Tag Archives: Critical Thinking

Why STEM? An idealist rant from my inner hippie voice.

4 Sep

Tonight after reading a post by Kim Crawford, titled “Don’t Forget to Show Them Who You Really Are” I started to think about how I present myself in this blog. By nature, I do not struggle with vulnerability. Unlike Kim, I’m more likely to need to build a few walls then take them down. But her post got me thinking. Do I ever really share the part of me that is a peace-loving, wildly idealistic optimist that just wants the world to stop making itself so sick, or do I keep that part of me hidden so as not to come off as an “anti-intellectual”?

So, I’ve decided to share my completely self-serving idealist hippie reasons for pushing STEM in schools. I’m going to try not to self-censor or over edit. If it’s a little jumbled, please be gentle. 

In the media and the white papers, improving STEM curriculum in schools is promoted as the means by which we will ensure our national security and create the pipeline of skilled, technical workers that will be needed to keep our high-tech world running and progressing. While I don’t undervalue the importance national security or a skilled work force, these are not my motivators for pushing STEM in schools.

My desire to see STEM improve in schools is based in my desire to help students develop the skills I believe they will need in order to create the world I want to live in and that they will have to live in. What can I say, it’s sounds cheesy when I say it out loud, but there it is, my reason for pushing STEM in schools. 

I want to live in a world where, when a problem or obstacle presents itself, people attempt to solve it, and don’t immediately look to someone else to fix it or blame someone else when it doen’s get fixed. I want to live where people from every race, sex, religion, and age can empathize with one another and collaborate to create positive change.  I want to live in a world where people who think about their actions and the impact their actions will have on others drive innovation and progress. I’m not naive. It won’t happen in my lifetime, but I can still want it and I can still take steps to try to make it happen.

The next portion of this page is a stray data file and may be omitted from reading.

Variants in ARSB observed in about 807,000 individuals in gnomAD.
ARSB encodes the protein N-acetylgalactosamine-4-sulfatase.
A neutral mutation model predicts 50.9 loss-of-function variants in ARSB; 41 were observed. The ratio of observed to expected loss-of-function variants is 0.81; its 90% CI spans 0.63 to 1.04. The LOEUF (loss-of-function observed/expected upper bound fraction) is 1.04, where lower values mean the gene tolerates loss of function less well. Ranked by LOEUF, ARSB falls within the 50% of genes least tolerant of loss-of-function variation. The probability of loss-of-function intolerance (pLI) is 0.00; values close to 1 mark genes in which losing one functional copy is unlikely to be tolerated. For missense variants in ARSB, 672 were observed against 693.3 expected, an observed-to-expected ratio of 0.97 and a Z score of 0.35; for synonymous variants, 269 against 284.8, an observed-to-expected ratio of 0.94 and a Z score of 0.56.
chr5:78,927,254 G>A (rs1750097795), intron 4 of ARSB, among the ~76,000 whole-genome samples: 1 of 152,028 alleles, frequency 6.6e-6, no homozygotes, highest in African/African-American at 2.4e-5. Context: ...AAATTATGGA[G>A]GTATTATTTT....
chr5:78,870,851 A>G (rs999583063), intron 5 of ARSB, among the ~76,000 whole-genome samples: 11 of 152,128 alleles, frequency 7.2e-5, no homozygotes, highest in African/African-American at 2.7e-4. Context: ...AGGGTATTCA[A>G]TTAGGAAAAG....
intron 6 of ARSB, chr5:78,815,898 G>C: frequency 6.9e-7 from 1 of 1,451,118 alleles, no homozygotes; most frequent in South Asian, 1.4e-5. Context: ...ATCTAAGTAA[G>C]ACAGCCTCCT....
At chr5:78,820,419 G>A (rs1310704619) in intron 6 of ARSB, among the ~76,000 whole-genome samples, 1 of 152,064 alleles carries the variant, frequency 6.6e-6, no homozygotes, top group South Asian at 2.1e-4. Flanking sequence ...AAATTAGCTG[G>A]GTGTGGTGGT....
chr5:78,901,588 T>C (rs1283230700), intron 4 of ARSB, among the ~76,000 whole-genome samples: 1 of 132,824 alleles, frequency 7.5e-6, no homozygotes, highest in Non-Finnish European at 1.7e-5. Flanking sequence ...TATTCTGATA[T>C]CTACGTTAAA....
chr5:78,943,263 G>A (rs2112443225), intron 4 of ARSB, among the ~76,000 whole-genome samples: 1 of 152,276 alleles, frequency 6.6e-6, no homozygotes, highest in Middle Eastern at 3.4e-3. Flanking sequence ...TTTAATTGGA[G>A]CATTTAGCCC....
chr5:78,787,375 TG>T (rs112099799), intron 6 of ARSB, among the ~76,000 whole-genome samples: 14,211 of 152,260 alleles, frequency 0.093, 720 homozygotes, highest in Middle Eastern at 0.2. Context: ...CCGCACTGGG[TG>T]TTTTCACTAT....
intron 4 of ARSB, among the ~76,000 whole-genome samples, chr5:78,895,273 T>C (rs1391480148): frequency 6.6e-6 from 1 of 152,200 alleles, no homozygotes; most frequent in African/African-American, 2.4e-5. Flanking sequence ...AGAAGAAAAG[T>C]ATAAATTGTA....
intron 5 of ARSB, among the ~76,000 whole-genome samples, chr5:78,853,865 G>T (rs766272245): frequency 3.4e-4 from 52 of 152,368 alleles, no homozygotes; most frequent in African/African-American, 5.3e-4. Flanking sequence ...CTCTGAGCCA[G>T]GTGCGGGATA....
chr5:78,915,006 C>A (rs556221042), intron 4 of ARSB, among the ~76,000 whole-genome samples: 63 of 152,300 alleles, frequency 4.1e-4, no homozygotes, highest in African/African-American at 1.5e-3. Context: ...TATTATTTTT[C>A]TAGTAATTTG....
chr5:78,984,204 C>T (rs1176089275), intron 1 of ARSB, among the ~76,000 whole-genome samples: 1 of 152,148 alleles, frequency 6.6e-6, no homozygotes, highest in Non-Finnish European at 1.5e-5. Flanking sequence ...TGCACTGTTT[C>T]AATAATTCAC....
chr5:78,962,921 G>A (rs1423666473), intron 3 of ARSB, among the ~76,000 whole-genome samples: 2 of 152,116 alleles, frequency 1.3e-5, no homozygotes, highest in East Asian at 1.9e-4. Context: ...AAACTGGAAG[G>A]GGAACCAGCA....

I sometimes judge myself harshly. I should be championing the efforts to keep music, art and physical fitness in schools. They are equally important and they are the reason I stayed in school. I guess I see the current focus on getting STEM into schools as an opportunity to keep these activities from disappearing altogether for now. Art with an emphasis on applied math and technology. You can can make that happen. Physical activity with an emphasis on applied physics, technology and engineering. You can make that happen. With STEM as the buzzword of the moment, you can say, “Don’t worry! It’s not an art lesson, it’s a STEM lesson” and no one will question.

I’m technically an advocate for SHTEMPALM… but that sounds a little silly, right?

I’m getting a little punchy and it’s a little late, so before I back out and save this as a draft that never gets posted, I think it’s time to sum it up. 

I want to make sure that students engage in problem-solving and critical thinking especially around issues that are relevant in their lives. I want them to think about problems and to work together to find and design solutions. I want them to have the information and the skill sets they need to make their solutions realities. I want them to learn to fail with grace and to bask in the intrinsic joy that comes with success. I want them to build a beautiful world for themselves.

Peace. 😉

Advertisements

LEGO WeDo Vehicle Challenge: Using WeDo kits with older students

20 Jun

The LEGO WeDo kit is designed and marketed for early elementary children. It’s so basic that even a first grader can use it, but be careful not to write this kit off as a “just-for-the-little-kids” kit too quickly.

This year, one of my favorite mini-lessons with the 7-9th grade students in the after school STEM club was this “WeDo Vehicle Challenge”:

Design a WeDo vehicle that has either 2, 3, or 4 wheels. Use only the pieces in the Wedo kit. The vehicle does not need to have steering, but it must be able to drive forward and in reverse. Innovation is encouraged. You have two class periods (1 hour each). We’ll present at the end of the second.

The kids usually take a look at the WeDo kit and presume the challenge will not be much of a challenge. Once the students get started, it isn’t long at all before they realize what makes it challenging; there is only one motor, the motor is fairly heavy relative to the parts, and that the axle sticks straight out of the center of the motor. Hmmm….